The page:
Alexion Pharmaceuticals, Inc. (Nasdaq: ALXN) today announced presentation of data showing that the presence of Type II paroxysmal nocturnal hemoglobinuria (PNH) cells is correlated with thrombocytopenia, potentially indicating that patients with Type II cells experience ongoing platelet consumption and increased thrombosis risk. The study also highlights the need to identify Type II PNH cells from both red and white blood cells when diagnosing the disease and continues to demonstrate the need for high sensitivity flow cytometry methods.
The data were presented today at the 51st Annual Meeting of the American Society of Hematology in New Orleans in a poster session titled, “Identification and Clinical Significance of Type II Granulocytes Among Patients with Paroxysmal Nocturnal Hemoglobinuria (PNH) Identified Using Multiparameter High-Sensitivity Flow Cytometry.”
In the study, a large population of patients was tested for the presence of PNH clones using a high-sensitivity flow cytometry assay, which identified a notable population of PNH patients with detectable PNH granulocyte (Gran) clones. In the evaluation of granulocyte markers for Type II clones by high sensitivity flow cytometry, the FLAER reagent identified all Type II granulocyte PNH clones while antibodies to GPI-linked proteins demonstrated less sensitivity.
“Detection of Type II granulocyte PNH cells is clinically important, as specific identification of PNH red blood cell clones can be confounded by transfusion or hemolysis,“ said Mayur K. Movalia, M.D., Associate Pathologist for Dahl-Chase Diagnostic Services and lead author of the study. “Further, the observed association of thrombocytopenia and Type II cells, without detectable differences in other peripheral blood cells or parameters, suggests that the presence of Type II cells may be an additional marker for increased thrombotic risk in patients with PNH.”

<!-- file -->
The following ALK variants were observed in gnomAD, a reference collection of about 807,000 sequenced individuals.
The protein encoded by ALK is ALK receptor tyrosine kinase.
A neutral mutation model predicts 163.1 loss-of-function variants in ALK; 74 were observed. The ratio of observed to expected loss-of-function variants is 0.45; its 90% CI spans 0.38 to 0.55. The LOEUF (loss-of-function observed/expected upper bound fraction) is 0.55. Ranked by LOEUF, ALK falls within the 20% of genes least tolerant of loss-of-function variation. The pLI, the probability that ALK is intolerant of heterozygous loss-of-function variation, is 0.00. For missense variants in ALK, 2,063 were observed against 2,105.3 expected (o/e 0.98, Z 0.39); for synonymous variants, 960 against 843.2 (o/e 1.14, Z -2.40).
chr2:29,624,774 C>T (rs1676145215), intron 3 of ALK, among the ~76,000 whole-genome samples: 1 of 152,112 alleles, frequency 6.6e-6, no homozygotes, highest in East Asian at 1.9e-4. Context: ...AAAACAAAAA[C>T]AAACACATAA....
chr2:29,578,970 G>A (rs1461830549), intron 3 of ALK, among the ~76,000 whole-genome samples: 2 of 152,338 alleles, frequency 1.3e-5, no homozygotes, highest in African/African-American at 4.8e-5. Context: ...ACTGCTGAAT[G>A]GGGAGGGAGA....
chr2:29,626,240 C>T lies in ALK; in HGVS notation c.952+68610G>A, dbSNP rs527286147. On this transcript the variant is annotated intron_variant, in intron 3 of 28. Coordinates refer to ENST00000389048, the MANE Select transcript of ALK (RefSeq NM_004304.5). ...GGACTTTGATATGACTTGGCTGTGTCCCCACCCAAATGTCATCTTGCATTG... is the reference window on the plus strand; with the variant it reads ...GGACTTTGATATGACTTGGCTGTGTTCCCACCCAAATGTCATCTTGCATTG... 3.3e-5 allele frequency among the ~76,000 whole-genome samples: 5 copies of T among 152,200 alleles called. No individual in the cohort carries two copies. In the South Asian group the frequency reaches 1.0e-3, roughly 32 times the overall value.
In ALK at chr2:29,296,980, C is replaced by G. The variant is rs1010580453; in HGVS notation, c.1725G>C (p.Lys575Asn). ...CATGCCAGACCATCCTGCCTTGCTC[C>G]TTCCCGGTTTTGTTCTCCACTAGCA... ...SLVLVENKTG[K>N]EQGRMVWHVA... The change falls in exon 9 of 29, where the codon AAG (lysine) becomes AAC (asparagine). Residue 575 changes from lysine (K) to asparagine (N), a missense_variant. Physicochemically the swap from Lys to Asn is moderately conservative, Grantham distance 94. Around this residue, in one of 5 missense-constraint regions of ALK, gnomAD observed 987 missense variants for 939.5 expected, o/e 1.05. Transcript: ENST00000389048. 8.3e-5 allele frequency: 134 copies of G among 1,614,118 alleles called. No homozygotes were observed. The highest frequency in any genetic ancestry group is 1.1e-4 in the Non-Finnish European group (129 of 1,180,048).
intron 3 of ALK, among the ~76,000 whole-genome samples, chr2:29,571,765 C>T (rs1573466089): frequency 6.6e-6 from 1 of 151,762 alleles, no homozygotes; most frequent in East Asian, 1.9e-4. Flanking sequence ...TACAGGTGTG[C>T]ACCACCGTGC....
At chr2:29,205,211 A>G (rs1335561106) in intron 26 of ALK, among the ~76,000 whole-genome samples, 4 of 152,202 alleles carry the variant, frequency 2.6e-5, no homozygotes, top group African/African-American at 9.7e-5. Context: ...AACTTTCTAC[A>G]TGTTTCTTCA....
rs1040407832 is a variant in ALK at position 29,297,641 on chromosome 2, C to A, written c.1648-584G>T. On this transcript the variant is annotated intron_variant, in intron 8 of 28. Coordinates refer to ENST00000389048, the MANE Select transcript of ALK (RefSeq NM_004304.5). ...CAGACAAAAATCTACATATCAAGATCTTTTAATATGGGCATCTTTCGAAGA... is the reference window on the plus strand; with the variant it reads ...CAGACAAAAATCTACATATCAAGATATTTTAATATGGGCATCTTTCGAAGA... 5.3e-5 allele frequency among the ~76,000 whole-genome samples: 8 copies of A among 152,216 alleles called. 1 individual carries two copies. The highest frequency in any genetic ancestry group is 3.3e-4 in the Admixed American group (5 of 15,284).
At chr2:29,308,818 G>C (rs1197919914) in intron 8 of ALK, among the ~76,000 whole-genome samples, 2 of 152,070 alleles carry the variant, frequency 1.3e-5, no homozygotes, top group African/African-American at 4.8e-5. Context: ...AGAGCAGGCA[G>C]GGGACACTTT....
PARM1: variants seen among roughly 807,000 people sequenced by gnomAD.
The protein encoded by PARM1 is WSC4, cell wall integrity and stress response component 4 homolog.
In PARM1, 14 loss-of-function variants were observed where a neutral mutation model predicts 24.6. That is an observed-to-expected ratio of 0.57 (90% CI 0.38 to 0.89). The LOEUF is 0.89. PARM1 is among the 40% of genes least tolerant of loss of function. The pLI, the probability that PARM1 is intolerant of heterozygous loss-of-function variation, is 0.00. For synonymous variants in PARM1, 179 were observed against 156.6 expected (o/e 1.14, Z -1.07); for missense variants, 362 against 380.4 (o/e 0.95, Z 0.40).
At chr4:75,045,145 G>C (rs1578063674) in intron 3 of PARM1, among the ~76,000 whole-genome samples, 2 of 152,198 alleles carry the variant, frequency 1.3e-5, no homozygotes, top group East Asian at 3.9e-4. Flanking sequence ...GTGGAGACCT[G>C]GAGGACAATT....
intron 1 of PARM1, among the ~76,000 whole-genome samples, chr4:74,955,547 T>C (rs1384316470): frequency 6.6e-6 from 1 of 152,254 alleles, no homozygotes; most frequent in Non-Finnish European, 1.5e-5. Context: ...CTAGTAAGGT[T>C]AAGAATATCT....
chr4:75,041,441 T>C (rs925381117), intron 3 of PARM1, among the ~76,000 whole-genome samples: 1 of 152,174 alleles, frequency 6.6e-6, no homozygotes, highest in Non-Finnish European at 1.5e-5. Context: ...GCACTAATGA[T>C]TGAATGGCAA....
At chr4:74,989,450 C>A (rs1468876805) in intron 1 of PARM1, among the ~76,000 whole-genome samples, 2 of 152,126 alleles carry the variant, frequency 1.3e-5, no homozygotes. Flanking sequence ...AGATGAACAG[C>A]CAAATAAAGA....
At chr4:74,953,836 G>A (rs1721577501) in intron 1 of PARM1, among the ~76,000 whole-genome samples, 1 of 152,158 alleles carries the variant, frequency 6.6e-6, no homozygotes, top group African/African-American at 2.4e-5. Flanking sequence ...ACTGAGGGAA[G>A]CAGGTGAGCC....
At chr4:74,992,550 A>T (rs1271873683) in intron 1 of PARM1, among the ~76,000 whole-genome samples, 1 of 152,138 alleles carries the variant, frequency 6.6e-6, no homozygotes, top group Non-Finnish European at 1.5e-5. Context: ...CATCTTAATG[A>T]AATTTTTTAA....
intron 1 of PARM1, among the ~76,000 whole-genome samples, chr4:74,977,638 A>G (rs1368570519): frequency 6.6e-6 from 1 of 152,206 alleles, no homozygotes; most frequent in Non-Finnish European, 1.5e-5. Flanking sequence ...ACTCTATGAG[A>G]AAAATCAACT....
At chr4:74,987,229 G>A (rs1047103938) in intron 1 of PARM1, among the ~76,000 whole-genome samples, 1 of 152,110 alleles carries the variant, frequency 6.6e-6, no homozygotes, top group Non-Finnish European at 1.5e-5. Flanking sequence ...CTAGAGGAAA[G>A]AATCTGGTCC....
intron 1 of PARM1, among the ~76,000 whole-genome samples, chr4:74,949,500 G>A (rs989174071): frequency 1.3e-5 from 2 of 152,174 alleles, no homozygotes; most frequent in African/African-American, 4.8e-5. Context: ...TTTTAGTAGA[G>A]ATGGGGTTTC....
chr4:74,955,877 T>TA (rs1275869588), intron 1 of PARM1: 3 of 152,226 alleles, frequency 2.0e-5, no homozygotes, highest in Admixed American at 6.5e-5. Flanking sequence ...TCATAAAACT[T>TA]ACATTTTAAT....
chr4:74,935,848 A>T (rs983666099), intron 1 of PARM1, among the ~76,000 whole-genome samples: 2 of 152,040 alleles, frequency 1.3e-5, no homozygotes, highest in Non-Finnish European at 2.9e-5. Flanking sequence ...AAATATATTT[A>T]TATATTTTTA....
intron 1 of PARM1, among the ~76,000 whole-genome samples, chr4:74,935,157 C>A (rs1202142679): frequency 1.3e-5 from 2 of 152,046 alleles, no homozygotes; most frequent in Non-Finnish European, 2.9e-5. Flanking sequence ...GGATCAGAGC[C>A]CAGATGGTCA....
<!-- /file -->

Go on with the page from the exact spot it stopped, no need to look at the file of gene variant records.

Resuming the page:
Thrombosis has been observed in PNH patients regardless of the level of hemolysis. Life-threatening thromboembolism is the most serious complication of PNH and accounts for 40 to 67 percent of patient deaths. (1)
“We appreciate the clinical importance of these study results showing a correlation between the presence of type II PNH cells and thrombocytopenia in patients with PNH,” said Stephen Squinto, Ph.D., Executive Vice President and Head of Research and Development at Alexion. “These data help advance our understanding of PNH and highlight the importance of using high sensitivity methods as well as evaluating Type II PNH cells in the diagnostic evaluation of potential PNH patients.”
Researchers evaluated 2,921 consecutive patient blood samples submitted for PNH diagnostic testing to distinguish Type I, II and III granulocyte (Gran) clones. The samples were evaluated with a high-sensitivity flow cytometry assay for granulocytes including the FLAER reagent and complement inhibitor and lineage-specific antibodies. (2)
Following evaluation, 216 patient samples had a detectable PNH Gran clone, of which, clinical information was available for 162 of these patients. Of these samples, 19 patients demonstrated a distinct Type II Gran population (median Type II clone size = 7 percent). In 21 percent of the population, this Type II Gran clone represented >50 percent of the total (Type II + Type III) PNH cells.
Importantly, the presence of type II PNH granulocytes was associated with a significant increase in the incidence of thrombocytopenia. Patients with Type II Gran clones more commonly demonstrated platelet counts below 100,000 (68% vs. 44%,>9/sup>/L vs. 116x109/L;>
Alexion Pharmaceuticals, Inc.